Need resources for school presentations? Hoping to learn more about cyberlaws and sexting, cyberbullying and cyberstalking? Not sure how to interpret a case of cyberharassment, or prepare a first responder checklist? Challenged by Facebook and need assistance with an investigation? Need to reach a network in an emergency after-hours? WiredSafety and our resources and assistance team for WiredCops can help. Be prepared to prove that you are an active member of law enforcement authorized to conduct the inquiry. Our law enforcement liaisons will respond as soon as we can. Interested in volunteering with us? We welcome your help!
Criminal Justice Professionals and Counsel
As judges and magistrates grapple with cyberabuse and cybercrimes, they sometimes reach out for our thoughts. Parry Aftab, WiredSafety’s Executive Director, was one of the founders of cyberlaw in 1994 and often advises policymakers, and criminal justice professionals in the latest trends and what court rulings can be enforced by the use of digital technologies. The new take on “restorative justice” developed by Parry called “Clean Up the Mess You Made” can be very effective when considering alternative justice approaches. Probation and parole options can help ensure that users online are safer from further harassment and attacks. Reach out to Parry Aftab directly, using our contact Parry link. Our team of Legal Eagles keeps our legal advisories current to help you know what you need to know to do your job better and deliver on the promise of justice.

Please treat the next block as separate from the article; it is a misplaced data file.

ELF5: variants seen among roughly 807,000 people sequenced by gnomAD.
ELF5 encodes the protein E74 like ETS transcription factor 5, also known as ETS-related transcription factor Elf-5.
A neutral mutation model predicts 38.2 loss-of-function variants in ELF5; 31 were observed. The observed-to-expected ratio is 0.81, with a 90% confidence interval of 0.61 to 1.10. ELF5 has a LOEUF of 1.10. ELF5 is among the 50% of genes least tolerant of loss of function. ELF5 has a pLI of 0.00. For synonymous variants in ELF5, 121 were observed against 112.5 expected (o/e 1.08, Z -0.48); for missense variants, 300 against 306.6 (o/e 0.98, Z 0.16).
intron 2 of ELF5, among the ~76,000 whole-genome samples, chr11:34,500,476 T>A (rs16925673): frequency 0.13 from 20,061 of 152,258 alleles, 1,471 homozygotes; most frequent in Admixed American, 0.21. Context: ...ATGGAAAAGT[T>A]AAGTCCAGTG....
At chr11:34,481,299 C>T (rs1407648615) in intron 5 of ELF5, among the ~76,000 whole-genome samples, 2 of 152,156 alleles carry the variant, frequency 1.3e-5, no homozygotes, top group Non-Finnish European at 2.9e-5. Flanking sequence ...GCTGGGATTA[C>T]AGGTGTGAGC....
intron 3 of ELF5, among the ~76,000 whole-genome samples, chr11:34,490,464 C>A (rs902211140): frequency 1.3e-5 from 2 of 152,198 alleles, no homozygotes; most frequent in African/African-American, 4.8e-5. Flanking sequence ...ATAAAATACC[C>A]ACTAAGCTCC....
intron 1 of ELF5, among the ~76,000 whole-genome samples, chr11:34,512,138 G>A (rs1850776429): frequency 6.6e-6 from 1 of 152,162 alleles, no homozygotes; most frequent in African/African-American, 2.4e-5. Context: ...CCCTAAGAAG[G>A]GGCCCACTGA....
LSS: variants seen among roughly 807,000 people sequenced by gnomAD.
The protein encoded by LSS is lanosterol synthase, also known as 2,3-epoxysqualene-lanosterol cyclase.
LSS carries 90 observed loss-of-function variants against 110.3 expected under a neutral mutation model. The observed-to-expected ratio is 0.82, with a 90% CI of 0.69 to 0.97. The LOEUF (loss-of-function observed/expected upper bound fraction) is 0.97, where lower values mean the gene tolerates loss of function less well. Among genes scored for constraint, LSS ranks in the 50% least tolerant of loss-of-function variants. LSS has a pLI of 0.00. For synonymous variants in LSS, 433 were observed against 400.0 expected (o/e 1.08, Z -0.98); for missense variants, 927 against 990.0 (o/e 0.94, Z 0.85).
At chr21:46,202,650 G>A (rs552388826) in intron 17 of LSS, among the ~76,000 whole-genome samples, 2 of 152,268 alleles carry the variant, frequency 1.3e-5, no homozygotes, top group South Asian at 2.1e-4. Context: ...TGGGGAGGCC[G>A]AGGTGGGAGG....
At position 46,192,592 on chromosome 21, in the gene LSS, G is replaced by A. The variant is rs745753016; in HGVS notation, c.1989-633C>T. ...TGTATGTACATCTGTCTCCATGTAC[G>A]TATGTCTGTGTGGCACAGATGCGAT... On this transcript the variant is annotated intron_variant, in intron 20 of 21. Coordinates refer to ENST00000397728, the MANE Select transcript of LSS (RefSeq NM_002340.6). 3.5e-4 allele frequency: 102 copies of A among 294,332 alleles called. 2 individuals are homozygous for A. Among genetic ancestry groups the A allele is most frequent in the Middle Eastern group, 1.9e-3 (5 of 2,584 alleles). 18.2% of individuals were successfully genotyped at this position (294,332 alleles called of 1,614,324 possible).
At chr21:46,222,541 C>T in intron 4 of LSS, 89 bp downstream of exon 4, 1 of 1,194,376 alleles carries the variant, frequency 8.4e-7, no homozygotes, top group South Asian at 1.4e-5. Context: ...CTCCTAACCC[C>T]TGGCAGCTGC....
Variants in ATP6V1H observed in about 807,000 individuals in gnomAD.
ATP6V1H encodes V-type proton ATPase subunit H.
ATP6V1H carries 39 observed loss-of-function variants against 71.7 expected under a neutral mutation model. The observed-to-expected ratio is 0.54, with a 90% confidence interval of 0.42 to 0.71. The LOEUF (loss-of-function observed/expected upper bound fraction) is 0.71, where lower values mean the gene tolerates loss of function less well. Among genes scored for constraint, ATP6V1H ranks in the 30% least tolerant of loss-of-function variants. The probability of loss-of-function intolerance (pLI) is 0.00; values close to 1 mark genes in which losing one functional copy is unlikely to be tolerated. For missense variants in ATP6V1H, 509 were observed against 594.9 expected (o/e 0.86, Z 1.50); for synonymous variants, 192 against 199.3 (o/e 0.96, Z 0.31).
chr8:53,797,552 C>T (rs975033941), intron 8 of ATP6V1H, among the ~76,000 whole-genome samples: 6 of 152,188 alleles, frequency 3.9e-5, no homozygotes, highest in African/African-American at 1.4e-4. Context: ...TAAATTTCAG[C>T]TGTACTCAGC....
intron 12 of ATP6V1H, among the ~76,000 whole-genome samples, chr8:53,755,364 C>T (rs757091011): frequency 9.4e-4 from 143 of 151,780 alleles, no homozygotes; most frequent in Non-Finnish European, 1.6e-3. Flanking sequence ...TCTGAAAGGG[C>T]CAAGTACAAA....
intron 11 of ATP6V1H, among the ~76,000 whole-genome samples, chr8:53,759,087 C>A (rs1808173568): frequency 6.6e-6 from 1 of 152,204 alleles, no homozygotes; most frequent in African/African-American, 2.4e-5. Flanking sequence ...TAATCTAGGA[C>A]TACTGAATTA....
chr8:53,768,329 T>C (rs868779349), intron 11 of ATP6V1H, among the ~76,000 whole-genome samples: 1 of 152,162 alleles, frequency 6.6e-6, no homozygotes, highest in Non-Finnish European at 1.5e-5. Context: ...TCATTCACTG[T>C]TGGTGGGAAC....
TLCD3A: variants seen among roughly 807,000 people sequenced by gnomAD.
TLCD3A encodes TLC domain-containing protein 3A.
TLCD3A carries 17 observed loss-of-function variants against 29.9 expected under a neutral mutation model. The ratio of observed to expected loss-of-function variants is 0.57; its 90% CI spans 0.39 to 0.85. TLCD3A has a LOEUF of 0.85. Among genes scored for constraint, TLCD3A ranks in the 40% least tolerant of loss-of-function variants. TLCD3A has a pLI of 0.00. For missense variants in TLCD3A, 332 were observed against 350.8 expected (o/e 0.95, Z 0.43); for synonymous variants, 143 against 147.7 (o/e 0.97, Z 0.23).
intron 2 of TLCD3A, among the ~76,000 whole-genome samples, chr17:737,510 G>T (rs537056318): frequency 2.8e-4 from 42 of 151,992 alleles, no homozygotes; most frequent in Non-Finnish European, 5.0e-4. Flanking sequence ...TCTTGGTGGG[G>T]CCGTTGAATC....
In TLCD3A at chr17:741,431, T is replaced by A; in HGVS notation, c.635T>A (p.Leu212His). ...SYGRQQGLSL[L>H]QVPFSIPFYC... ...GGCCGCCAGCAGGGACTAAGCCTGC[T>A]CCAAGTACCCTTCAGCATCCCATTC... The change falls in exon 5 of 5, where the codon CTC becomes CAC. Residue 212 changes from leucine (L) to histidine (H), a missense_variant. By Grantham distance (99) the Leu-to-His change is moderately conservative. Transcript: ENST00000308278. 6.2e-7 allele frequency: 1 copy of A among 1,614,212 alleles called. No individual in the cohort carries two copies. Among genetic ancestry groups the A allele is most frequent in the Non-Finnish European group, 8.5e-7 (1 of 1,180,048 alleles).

Law, Cybercrime and Cyberlaw
There ought’a be a law! And while many Internet users think there are no laws that cover online activity, they are wrong. There are laws – lots of them! And you can end up in jail for breaking them just as easily as for breaking the more traditional laws, so it’s good to know what they are. Most laws that apply in the real world (offline), also apply online. The trick is knowing which ones apply to you based on where you are, where the criminal or harasser is and what service you are using. It may also depend on where your service provider’s servers are located (which could be anywhere in the world). Just remember that there are at least three parties to all digital communications – you, the recipient/sender and the service provider. For example, Verizon Wireless has a copy of all text messages you send through their network. And if you send a text from an AT&T Wireless account to a Verizon Wireless subscriber, both have a copy.
And, with each different player comes a different possible set of laws.
Laws cover the 4Cs – Contact, Content, Commercialism and Conduct. They may prevent a website from dealing directly with preteens without parental permission. They prohibit the use of copyrighted materials without the permission of the copyright holder (with a few exceptions). Depending on where the seller resides and where the buyer does, consumer protection laws may govern purchases, sales and services online. Intrusions, ID theft, destruction of real or virtual property, threats of serious bodily harm or death, cyberstalking and cyberharassment, fraud, scams are all crimes in most jurisdictions, just as they are offline.
The problem isn’t whether or not a law applies, it’s whether or not local law enforcement agencies understand how they apply and how to conduct a cyber-investigation. It’s knowing where to report it and how to obtain justice. It’s finding out who is behind an online persona or account. But, even with all these challenges, the more you understand the laws that protect you and can punish criminals online, the safer you will be.